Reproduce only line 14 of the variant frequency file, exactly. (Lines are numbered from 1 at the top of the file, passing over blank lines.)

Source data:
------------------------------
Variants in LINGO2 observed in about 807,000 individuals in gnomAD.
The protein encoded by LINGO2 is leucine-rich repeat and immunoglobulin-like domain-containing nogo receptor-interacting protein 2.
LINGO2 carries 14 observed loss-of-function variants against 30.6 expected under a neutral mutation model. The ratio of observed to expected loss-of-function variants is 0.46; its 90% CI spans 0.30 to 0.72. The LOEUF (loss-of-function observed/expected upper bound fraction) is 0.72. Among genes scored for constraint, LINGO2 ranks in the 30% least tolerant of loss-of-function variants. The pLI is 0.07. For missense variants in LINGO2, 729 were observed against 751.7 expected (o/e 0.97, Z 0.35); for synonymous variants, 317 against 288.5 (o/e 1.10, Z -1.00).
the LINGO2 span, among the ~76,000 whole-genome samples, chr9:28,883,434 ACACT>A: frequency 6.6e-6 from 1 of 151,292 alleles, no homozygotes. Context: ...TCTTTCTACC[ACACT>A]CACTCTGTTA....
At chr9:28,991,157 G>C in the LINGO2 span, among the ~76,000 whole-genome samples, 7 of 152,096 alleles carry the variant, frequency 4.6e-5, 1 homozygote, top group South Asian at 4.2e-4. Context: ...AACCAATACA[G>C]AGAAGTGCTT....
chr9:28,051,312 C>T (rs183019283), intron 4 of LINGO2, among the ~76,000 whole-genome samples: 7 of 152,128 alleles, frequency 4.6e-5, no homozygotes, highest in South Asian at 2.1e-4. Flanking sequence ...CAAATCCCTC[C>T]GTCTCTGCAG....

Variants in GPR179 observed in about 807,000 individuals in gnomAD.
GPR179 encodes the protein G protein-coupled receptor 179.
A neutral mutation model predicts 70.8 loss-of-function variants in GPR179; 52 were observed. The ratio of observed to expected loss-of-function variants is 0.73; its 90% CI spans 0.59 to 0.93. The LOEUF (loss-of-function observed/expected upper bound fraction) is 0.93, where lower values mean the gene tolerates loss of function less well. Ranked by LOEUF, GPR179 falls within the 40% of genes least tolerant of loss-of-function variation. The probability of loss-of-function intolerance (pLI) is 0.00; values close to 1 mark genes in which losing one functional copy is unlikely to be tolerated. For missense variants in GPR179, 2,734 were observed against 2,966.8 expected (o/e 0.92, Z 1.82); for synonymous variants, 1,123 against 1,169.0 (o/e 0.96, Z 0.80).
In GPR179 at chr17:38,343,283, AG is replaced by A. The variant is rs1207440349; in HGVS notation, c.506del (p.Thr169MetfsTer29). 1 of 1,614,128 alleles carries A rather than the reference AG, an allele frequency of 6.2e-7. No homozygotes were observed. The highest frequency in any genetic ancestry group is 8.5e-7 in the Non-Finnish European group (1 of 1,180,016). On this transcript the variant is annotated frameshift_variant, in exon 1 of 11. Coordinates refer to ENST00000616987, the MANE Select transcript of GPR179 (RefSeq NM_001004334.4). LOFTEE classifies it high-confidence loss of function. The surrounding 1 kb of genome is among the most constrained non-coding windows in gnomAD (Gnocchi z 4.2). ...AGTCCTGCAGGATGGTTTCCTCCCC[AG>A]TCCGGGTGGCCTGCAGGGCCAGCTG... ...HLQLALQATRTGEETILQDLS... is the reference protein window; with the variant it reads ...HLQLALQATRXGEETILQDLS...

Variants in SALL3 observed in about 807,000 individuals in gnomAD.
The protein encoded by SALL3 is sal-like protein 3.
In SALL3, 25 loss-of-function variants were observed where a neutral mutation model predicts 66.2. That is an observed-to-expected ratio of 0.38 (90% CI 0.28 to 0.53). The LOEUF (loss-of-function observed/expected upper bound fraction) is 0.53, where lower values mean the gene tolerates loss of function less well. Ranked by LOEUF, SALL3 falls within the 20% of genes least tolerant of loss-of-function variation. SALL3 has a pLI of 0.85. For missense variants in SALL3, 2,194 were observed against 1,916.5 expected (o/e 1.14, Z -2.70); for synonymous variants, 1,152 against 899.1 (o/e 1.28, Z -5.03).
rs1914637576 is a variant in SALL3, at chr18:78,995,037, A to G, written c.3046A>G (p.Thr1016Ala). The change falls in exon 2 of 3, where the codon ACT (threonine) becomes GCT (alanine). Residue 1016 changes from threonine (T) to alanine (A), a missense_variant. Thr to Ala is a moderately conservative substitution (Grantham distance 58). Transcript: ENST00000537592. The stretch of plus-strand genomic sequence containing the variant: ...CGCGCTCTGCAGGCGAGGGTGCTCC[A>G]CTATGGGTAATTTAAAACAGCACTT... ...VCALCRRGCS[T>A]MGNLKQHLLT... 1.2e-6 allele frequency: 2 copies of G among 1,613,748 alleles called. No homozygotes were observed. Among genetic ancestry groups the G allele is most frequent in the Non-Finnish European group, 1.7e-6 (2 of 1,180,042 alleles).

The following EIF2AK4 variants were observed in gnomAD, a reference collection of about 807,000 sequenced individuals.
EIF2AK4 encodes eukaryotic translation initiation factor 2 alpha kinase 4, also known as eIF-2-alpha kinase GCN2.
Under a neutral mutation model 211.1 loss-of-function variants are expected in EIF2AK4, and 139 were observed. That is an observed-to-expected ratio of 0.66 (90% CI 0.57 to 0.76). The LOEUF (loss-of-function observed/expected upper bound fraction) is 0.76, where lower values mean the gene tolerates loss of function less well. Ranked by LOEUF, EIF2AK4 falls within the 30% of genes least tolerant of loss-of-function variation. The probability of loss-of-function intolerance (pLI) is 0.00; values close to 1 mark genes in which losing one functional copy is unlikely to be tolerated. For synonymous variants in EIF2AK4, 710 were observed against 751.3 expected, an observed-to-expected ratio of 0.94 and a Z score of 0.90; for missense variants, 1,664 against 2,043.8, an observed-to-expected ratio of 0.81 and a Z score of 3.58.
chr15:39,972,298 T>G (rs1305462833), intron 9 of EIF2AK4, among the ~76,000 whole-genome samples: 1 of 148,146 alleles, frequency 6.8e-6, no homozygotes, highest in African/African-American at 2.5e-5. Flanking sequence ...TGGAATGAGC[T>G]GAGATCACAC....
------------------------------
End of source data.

rs1914637576 is a variant in SALL3, at chr18:78,995,037, A to G, written c.3046A>G (p.Thr1016Ala). The change falls in exon 2 of 3, where the codon ACT (threonine) becomes GCT (alanine). Residue 1016 changes from threonine (T) to alanine (A), a missense_variant. Thr to Ala is a moderately conservative substitution (Grantham distance 58). Transcript: ENST00000537592. The stretch of plus-strand genomic sequence containing the variant: ...CGCGCTCTGCAGGCGAGGGTGCTCC[A>G]CTATGGGTAATTTAAAACAGCACTT... ...VCALCRRGCS[T>A]MGNLKQHLLT... 1.2e-6 allele frequency: 2 copies of G among 1,613,748 alleles called. No homozygotes were observed. Among genetic ancestry groups the G allele is most frequent in the Non-Finnish European group, 1.7e-6 (2 of 1,180,042 alleles).